He also admitted that some members will not like his plans for change.
Mark Pieth, a professor in criminal law at the University of Basle, has been appointed to chair FIFA's independent governance committee. He will not however investigate allegations of previous wrongdoing by FIFA members but was instead presenting proposals for future reform.
Pieth's recommendations include that there should be independent members appointed to the executive committee, that the power of the FIFA president should be limited, and that the organisation adopts serious anti-corruption measures regarding officials and World Cup votes.
He also said he would walk away if he feels his reform proposals are not taken seriously.
Pieth told a news conference in Zurich: "We are talking about serious stuff here. Not everyone will like this.
"I'm not too worried about it because to some extent this is a process. We are trying to change something, but of course there's a bottom line, if we are seriously unhappy I can say 'this is it, I've had it'."
Pieth, who is being paid by FIFA for his work, has produced a 39-page report on proposals for reform.
He warns that World Cup bidding in FIFA's current format are "highly visible and politically sensitive decisions and are actually a mix of corruption risk and conflict of interest concerns".
He added: "Suspicion that individuals either sold their vote or profiteered directly from the choice of venue is combined with allegations of a strategic use of development money in order to influence decision-takers of ExCo."
Pieth said the bidding process should be revamped to prevent manipulation and the decision for the FIFA Congress to take the final vote on World Cup hosts "is a step in the right direction from a corruption prevention perspective".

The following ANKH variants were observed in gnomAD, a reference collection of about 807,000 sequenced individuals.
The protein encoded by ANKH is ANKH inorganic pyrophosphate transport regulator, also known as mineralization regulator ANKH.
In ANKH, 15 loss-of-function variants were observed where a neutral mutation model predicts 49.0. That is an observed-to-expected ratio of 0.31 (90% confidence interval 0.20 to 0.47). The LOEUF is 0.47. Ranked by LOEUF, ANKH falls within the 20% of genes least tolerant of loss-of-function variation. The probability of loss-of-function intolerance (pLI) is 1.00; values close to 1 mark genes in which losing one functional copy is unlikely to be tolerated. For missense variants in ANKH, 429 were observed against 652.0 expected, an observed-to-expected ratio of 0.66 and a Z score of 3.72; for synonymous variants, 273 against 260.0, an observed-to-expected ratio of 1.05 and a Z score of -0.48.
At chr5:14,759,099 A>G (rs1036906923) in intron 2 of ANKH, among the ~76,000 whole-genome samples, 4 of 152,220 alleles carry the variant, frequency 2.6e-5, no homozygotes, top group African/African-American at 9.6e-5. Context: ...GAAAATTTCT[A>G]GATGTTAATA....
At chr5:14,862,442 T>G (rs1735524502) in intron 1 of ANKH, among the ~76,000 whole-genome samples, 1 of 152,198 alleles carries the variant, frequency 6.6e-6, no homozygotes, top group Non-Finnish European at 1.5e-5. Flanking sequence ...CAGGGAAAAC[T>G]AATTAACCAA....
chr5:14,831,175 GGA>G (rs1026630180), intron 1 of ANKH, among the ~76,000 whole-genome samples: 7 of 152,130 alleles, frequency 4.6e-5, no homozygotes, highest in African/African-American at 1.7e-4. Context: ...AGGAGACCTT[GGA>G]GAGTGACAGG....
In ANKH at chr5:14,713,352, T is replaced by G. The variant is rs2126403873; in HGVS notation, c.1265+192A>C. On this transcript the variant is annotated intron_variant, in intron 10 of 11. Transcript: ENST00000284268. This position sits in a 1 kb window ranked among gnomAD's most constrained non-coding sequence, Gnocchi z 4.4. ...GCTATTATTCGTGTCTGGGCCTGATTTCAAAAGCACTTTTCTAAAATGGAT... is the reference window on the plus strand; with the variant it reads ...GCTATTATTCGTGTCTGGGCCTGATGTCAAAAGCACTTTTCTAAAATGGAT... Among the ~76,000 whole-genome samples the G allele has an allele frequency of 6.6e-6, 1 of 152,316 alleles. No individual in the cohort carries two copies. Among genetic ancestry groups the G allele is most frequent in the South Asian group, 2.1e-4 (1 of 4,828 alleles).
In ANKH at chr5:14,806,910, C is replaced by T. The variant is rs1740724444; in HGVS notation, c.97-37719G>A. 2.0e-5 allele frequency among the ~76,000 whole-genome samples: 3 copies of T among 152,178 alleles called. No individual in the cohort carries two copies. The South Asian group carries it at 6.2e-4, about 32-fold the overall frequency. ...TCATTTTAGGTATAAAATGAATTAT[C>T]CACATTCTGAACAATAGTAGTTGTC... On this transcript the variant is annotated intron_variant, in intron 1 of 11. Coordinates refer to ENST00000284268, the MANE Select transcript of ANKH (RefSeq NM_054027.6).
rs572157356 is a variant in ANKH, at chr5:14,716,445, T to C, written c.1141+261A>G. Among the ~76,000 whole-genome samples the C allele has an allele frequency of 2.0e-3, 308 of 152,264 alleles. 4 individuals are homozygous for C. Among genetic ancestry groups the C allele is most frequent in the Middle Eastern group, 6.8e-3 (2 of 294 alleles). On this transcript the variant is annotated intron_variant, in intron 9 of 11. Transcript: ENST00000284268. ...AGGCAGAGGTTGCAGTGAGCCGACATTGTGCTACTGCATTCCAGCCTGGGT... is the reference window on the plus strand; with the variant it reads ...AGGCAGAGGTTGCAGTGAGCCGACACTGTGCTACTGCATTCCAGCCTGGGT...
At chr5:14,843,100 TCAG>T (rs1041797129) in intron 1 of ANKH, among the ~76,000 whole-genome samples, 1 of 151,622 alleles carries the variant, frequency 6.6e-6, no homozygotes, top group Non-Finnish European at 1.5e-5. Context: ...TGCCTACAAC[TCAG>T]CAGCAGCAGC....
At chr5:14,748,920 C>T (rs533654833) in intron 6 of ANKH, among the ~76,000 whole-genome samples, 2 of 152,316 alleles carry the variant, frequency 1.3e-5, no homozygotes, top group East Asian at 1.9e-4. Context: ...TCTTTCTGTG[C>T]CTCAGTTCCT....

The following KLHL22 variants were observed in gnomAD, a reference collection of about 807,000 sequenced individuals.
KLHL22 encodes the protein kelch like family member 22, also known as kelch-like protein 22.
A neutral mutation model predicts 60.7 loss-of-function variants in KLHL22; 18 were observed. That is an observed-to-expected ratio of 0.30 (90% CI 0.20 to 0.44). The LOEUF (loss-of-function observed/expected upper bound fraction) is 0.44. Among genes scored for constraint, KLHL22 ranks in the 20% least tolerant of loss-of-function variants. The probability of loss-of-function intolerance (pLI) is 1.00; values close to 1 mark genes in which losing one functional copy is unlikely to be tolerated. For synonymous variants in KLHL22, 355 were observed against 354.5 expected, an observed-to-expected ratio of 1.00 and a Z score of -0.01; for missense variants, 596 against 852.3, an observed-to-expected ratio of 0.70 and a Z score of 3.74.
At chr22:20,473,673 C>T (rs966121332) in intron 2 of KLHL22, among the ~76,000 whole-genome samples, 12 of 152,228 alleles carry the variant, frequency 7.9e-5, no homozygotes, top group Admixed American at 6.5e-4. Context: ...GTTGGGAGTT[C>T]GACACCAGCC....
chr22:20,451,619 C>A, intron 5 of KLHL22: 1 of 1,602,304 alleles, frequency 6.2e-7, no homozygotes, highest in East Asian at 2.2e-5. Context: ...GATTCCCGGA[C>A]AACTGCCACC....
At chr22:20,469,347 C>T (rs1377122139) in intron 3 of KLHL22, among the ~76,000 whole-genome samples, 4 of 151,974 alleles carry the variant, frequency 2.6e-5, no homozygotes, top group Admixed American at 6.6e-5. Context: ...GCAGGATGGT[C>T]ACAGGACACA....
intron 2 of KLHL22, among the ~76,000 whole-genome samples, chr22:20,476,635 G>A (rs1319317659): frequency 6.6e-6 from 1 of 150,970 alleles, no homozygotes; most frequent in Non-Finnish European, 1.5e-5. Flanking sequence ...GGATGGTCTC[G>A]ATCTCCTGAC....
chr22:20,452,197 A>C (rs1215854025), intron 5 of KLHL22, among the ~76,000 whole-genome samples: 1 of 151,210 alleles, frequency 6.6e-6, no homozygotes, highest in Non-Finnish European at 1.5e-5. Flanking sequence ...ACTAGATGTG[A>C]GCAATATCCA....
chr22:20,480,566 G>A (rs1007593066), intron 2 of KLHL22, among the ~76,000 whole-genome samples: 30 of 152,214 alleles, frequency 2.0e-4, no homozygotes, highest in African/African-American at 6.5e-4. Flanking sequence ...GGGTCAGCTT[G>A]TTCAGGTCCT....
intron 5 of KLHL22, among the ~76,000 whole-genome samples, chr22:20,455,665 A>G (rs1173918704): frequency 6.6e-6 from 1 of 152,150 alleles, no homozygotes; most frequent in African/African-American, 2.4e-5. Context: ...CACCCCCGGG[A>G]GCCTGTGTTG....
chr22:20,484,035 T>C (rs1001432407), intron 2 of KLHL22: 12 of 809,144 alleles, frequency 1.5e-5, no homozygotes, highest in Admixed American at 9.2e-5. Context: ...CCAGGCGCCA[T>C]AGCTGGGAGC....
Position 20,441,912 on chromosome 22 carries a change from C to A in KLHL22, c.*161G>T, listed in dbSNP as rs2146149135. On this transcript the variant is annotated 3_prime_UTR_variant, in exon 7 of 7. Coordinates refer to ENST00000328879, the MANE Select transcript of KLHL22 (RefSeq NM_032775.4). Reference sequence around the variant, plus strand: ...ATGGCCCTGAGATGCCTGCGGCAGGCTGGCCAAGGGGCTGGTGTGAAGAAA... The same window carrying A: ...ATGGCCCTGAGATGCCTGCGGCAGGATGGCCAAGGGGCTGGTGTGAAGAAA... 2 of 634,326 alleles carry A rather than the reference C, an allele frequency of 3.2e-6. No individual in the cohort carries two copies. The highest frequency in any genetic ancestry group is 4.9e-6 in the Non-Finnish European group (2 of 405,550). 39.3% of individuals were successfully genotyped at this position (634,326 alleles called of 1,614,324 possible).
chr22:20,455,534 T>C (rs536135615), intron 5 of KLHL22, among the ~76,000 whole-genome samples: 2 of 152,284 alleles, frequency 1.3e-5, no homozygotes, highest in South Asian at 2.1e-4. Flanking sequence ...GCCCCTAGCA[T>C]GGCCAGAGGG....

Last December's votes for the 2018 and 2022 World Cups became mired in controversy with two FIFA members banned for breaching ethics committee rules. England's ex-2018 bid chief Lord Triesman made allegations of unethical requests by FIFA members during the campaign.
These are the main points:
:: The FIFA president should have a limited term in office, as should FIFA members.
:: There should be independent members of the FIFA executive committee, with a lead director to hold elected members to account.
:: World Cup votes are "highly visible and politically sensitive decisions and are actually a mix of corruption risk and conflict of interest concerns". The voting procedure needs to be revamped.
:: Any payments to FIFA's member associations and to people close to them need to have "close financial scrutiny".
:: Payments to contractors and service providers should be analysed to ensure no corruption.
:: Cash for development projects such as the GOAL programme should be controlled from beginning to end to ensure the money does not end up in the pockets of officials.
:: Specific rules need to be drawn up to clarify FIFA's position towards gifts and hospitality, political and charitable contributions.
:: A "discrete disclosure channel" hotline to report corruption should be made available.
:: FIFA should adopt corporate anti-corruption and anti conflict of interest controls.
:: FIFA officials should be subject to due diligence to establish whether they are suitable for office.